Remembrance Day for Lost Species, November 30th, is a chance each year to explore the stories of species, cultures, lifeways and habitats driven extinct by unjust power structures and exploitation, past and ongoing.
It emphasises that these losses are rooted in violent, racist and discriminatory economic and political practices. It provides an opportunity for people to renew commitments to all that remains, and supports the development of creative and practical tools of resistance.
Participate in Remembrance Day for Lost Species by holding – or joining – any kind of memorial to lost species or places. This could take the form of an art project, a procession, lighting a candle, planting a tree, or any kind of action you like.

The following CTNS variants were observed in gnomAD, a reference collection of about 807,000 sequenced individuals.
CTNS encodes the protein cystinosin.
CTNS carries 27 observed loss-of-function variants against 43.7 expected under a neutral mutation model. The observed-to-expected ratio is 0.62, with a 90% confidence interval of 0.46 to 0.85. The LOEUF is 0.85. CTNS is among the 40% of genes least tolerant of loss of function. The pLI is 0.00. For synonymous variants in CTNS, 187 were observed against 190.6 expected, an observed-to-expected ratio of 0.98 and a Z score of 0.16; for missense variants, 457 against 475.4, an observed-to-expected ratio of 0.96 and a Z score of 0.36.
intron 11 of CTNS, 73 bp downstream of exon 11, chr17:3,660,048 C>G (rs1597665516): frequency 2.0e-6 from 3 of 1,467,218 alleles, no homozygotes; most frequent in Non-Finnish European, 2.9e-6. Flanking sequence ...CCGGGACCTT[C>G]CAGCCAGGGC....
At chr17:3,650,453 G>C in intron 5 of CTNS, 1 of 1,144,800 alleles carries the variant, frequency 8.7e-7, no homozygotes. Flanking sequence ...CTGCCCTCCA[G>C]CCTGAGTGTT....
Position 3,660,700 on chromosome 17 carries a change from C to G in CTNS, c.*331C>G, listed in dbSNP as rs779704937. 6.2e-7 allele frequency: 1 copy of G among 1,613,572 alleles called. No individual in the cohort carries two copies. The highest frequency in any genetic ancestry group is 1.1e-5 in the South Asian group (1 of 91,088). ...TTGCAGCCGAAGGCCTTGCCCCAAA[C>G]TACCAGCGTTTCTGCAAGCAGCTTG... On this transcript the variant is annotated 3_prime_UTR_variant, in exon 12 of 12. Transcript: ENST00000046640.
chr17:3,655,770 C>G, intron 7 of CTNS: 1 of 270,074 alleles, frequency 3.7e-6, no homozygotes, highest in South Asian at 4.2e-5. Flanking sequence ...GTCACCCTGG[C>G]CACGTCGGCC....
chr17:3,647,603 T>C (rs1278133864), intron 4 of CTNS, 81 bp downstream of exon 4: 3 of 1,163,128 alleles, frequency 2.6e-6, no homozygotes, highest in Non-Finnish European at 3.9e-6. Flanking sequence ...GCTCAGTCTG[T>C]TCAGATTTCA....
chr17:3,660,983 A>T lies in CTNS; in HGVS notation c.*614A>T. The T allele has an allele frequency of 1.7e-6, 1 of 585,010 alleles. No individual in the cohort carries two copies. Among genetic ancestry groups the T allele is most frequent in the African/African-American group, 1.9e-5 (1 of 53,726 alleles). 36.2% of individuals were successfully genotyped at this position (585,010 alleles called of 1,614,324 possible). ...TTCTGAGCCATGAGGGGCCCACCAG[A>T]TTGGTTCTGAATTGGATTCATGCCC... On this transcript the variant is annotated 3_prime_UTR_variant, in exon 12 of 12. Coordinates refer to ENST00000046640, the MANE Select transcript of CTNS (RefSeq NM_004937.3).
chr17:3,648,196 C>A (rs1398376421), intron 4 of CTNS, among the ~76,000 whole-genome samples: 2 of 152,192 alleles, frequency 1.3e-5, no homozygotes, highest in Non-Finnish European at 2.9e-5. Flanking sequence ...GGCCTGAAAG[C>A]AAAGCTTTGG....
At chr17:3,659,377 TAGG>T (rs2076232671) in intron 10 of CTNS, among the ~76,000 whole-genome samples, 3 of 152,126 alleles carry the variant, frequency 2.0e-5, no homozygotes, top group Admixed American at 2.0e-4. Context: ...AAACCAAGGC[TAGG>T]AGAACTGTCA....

Martha’s Flock at the Life Cairn, Mount Caburn 2014. Photos: Robin Taylor
In 2014, WWF-UK reported in its Living Planet report that Earth has lost half its wildlife in the last 40 years. However, worse is to come as climate change and habitat loss are leading us into the Sixth Mass Extinction. Now is the time to create new rituals for remembering and mourning those we have lost, and for celebrating and making commitments to those remaining.
Passenger Pigeon war memorial, Camilla Schofield, 2011. Photo: Rebecca Anson
Thylacine Ghost by Gabbee Stolp
Bombus franklini by Eti Meacock. Photo: Abi Horn